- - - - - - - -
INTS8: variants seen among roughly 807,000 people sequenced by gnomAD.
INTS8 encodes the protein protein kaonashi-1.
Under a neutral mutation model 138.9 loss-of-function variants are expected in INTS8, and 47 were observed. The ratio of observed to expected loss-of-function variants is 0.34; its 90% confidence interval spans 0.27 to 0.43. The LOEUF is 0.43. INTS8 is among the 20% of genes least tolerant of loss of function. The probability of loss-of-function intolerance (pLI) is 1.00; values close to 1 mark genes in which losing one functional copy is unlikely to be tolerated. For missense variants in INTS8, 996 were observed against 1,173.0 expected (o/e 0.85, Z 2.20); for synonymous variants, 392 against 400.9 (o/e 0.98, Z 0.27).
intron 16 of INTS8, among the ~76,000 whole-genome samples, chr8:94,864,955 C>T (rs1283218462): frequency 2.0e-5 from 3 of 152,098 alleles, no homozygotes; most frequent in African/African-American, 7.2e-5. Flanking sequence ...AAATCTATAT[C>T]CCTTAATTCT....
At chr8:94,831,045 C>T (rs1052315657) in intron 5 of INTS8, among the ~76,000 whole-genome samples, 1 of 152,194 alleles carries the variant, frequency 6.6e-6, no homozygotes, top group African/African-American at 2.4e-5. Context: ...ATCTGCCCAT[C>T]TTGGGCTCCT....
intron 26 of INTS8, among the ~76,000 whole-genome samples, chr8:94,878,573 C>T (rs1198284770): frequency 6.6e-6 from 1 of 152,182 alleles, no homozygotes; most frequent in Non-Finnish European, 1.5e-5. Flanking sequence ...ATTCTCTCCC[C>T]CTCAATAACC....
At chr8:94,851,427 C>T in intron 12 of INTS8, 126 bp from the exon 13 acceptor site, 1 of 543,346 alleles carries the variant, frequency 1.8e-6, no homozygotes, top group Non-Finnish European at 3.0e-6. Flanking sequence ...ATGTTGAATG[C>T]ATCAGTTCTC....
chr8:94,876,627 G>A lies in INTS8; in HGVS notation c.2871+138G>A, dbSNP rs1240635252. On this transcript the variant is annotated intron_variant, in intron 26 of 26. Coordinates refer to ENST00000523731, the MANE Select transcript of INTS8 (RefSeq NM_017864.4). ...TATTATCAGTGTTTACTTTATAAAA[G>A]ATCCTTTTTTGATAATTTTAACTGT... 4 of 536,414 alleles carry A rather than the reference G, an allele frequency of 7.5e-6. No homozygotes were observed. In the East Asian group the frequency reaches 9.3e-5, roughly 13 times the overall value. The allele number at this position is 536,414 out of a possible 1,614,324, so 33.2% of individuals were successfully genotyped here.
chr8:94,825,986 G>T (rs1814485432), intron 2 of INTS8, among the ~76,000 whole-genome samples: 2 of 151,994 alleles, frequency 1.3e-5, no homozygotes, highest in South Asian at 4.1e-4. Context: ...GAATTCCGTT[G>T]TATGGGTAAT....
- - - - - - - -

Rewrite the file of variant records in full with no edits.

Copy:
INTS8: variants seen among roughly 807,000 people sequenced by gnomAD.
INTS8 encodes the protein protein kaonashi-1.
Under a neutral mutation model 138.9 loss-of-function variants are expected in INTS8, and 47 were observed. The ratio of observed to expected loss-of-function variants is 0.34; its 90% confidence interval spans 0.27 to 0.43. The LOEUF is 0.43. INTS8 is among the 20% of genes least tolerant of loss of function. The probability of loss-of-function intolerance (pLI) is 1.00; values close to 1 mark genes in which losing one functional copy is unlikely to be tolerated. For missense variants in INTS8, 996 were observed against 1,173.0 expected (o/e 0.85, Z 2.20); for synonymous variants, 392 against 400.9 (o/e 0.98, Z 0.27).
intron 16 of INTS8, among the ~76,000 whole-genome samples, chr8:94,864,955 C>T (rs1283218462): frequency 2.0e-5 from 3 of 152,098 alleles, no homozygotes; most frequent in African/African-American, 7.2e-5. Flanking sequence ...AAATCTATAT[C>T]CCTTAATTCT....
At chr8:94,831,045 C>T (rs1052315657) in intron 5 of INTS8, among the ~76,000 whole-genome samples, 1 of 152,194 alleles carries the variant, frequency 6.6e-6, no homozygotes, top group African/African-American at 2.4e-5. Context: ...ATCTGCCCAT[C>T]TTGGGCTCCT....
intron 26 of INTS8, among the ~76,000 whole-genome samples, chr8:94,878,573 C>T (rs1198284770): frequency 6.6e-6 from 1 of 152,182 alleles, no homozygotes; most frequent in Non-Finnish European, 1.5e-5. Flanking sequence ...ATTCTCTCCC[C>T]CTCAATAACC....
At chr8:94,851,427 C>T in intron 12 of INTS8, 126 bp from the exon 13 acceptor site, 1 of 543,346 alleles carries the variant, frequency 1.8e-6, no homozygotes, top group Non-Finnish European at 3.0e-6. Flanking sequence ...ATGTTGAATG[C>T]ATCAGTTCTC....
chr8:94,876,627 G>A lies in INTS8; in HGVS notation c.2871+138G>A, dbSNP rs1240635252. On this transcript the variant is annotated intron_variant, in intron 26 of 26. Coordinates refer to ENST00000523731, the MANE Select transcript of INTS8 (RefSeq NM_017864.4). ...TATTATCAGTGTTTACTTTATAAAA[G>A]ATCCTTTTTTGATAATTTTAACTGT... 4 of 536,414 alleles carry A rather than the reference G, an allele frequency of 7.5e-6. No homozygotes were observed. In the East Asian group the frequency reaches 9.3e-5, roughly 13 times the overall value. The allele number at this position is 536,414 out of a possible 1,614,324, so 33.2% of individuals were successfully genotyped here.
chr8:94,825,986 G>T (rs1814485432), intron 2 of INTS8, among the ~76,000 whole-genome samples: 2 of 151,994 alleles, frequency 1.3e-5, no homozygotes, highest in South Asian at 4.1e-4. Context: ...GAATTCCGTT[G>T]TATGGGTAAT....